Materials

  • Container with lid
  • Popsicle stick
  • Sodium bicarbonate (baking soda)
  • Citric acid – You can sometimes find this with canning supplies, but it’s usually cheaper to buy online
  • Witch hazel or water
  • Oil (optional, we use almond and/or sunflower)
  • Food coloring (optional, if you want color)
  • Epsom salt (optional)
  • Essential oil (optional, if you want it to smell good)

Procedure

  1. Add the following to the container, cover, and shake:
    1. 1/4 cup baking soda
    2. 2 tbsp citric acid
    3. 1-1/2 teaspoons Epsom salt (optional)
  2. (Optional) Add a squirt (1/4 to 1/2 teaspoon) of oil and 1-3 drops of essential oil to the container, and shake some more.
  3. (Optional) Add 4-6 drops of food coloring, and shake again.
  4. Check color, scent, and consistency. If you see big chunks, break them with the popsicle stick, and shake some more.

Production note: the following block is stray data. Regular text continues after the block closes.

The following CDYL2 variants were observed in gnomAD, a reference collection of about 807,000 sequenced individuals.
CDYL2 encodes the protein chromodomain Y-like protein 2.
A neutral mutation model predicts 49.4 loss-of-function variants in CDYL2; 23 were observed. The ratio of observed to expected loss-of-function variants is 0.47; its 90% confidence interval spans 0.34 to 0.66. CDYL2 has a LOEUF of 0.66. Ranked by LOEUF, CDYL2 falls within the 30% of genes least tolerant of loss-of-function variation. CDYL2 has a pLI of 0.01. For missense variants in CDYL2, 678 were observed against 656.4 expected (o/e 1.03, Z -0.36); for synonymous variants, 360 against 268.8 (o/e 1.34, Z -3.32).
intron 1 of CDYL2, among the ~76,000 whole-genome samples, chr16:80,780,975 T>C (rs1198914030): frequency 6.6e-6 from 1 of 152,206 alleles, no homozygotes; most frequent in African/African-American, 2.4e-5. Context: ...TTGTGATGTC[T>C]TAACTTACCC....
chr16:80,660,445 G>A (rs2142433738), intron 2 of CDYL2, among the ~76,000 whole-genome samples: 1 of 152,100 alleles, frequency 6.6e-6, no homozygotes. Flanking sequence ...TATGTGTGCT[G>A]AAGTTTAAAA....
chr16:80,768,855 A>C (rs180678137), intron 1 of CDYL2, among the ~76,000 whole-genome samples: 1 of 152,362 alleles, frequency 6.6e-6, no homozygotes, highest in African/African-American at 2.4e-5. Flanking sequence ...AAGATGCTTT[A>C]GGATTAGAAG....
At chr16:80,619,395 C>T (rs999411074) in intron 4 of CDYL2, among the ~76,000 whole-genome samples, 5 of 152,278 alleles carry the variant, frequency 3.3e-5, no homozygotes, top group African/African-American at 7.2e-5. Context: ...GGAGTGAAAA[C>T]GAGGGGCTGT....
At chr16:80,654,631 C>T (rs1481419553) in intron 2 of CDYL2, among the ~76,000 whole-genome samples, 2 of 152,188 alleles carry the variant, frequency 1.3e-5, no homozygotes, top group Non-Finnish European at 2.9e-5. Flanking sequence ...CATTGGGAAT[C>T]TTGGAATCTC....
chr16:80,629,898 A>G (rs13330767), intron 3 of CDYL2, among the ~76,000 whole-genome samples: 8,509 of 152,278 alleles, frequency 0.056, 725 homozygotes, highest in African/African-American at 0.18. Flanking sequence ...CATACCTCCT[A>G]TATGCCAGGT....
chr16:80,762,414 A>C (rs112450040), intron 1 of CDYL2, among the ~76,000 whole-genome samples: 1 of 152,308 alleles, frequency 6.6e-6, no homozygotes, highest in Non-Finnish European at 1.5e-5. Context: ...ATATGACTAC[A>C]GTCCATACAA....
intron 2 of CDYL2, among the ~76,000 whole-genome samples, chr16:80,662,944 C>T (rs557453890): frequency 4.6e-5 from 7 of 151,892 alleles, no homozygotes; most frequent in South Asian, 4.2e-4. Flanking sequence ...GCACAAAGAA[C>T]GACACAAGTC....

5. Now spray 1-3 times with water or witch hazel, mixing with the popsicle stick each time, until the mixture can be formed into a ball.
  6. Form into 2-4 “eggs” and allow to dry for 24 hours before using. If you have a spare mini-figure, place one inside of each egg when forming, so it will “hatch” when used. We sometimes use mini cupcake liners for the eggs. Another fun way to form the eggs is to place them in Easter eggs, which you then tape and/or rubber-band closed.
  7. Store in an enclosed container, in a cool, dry place. Drop one in the tub before you take a bath, and enjoy the bubbles. If you added a mini-figure, it will be revealed as the egg dissolves.

PLEASE DON’T EAT THE EGGS!!!